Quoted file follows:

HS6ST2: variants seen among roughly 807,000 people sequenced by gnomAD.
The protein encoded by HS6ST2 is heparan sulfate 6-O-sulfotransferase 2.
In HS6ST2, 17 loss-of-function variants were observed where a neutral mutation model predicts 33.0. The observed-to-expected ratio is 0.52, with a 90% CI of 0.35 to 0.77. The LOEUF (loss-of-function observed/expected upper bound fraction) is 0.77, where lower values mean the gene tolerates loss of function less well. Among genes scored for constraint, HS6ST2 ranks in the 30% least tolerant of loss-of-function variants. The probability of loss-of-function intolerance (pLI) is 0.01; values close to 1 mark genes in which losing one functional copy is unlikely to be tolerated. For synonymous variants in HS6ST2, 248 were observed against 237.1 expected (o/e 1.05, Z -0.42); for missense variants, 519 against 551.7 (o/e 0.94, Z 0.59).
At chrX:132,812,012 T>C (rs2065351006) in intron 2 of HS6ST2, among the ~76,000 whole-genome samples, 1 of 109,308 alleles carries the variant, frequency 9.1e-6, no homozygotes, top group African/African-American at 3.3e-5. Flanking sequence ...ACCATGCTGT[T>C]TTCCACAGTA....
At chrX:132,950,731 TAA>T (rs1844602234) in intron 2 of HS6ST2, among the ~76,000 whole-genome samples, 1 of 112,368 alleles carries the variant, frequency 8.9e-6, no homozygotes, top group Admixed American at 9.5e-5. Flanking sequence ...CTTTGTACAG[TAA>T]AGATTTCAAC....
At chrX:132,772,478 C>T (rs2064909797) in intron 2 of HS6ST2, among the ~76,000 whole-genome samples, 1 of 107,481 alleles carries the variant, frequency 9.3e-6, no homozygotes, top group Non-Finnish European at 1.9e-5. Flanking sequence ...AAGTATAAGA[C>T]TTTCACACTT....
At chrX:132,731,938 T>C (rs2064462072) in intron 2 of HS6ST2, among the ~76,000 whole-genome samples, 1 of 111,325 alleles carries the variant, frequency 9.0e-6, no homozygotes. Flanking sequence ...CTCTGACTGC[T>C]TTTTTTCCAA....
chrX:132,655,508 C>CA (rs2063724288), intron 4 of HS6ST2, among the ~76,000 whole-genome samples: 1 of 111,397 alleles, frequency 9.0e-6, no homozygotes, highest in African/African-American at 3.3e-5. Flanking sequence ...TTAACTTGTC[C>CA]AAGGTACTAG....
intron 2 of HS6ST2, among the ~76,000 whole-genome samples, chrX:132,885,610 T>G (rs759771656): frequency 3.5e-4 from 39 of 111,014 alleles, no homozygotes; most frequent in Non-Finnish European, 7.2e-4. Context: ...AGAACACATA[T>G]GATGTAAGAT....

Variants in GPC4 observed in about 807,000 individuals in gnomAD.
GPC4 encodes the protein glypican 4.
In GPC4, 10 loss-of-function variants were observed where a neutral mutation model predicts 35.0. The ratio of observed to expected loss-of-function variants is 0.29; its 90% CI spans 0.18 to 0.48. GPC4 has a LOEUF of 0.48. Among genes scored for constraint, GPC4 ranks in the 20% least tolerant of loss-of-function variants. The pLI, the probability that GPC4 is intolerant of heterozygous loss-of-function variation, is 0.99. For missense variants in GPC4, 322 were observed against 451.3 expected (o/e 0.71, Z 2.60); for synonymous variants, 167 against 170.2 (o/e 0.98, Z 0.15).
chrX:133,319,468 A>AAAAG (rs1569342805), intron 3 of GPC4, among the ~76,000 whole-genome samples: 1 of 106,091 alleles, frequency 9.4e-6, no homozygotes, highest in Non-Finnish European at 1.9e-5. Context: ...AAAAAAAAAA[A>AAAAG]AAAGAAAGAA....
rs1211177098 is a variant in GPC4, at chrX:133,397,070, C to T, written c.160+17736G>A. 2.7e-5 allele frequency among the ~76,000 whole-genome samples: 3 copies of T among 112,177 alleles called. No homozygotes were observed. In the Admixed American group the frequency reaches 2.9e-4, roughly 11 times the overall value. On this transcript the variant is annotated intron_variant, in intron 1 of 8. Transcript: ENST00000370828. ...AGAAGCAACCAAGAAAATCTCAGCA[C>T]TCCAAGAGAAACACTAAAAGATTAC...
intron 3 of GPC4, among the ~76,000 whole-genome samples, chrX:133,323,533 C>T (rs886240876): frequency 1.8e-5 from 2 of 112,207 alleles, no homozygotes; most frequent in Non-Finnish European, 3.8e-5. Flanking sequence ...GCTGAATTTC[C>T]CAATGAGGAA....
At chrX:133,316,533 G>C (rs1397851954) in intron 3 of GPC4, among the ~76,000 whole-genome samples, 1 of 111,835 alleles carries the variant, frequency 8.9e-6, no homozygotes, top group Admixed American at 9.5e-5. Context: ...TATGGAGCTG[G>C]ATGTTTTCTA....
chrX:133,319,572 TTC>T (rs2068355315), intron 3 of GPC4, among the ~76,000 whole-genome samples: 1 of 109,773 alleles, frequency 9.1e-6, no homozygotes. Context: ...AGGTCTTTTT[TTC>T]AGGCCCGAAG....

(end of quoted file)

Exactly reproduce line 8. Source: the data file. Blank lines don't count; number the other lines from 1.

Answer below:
chrX:132,655,508 C>CA (rs2063724288), intron 4 of HS6ST2, among the ~76,000 whole-genome samples: 1 of 111,397 alleles, frequency 9.0e-6, no homozygotes, highest in African/African-American at 3.3e-5. Flanking sequence ...TTAACTTGTC[C>CA]AAGGTACTAG....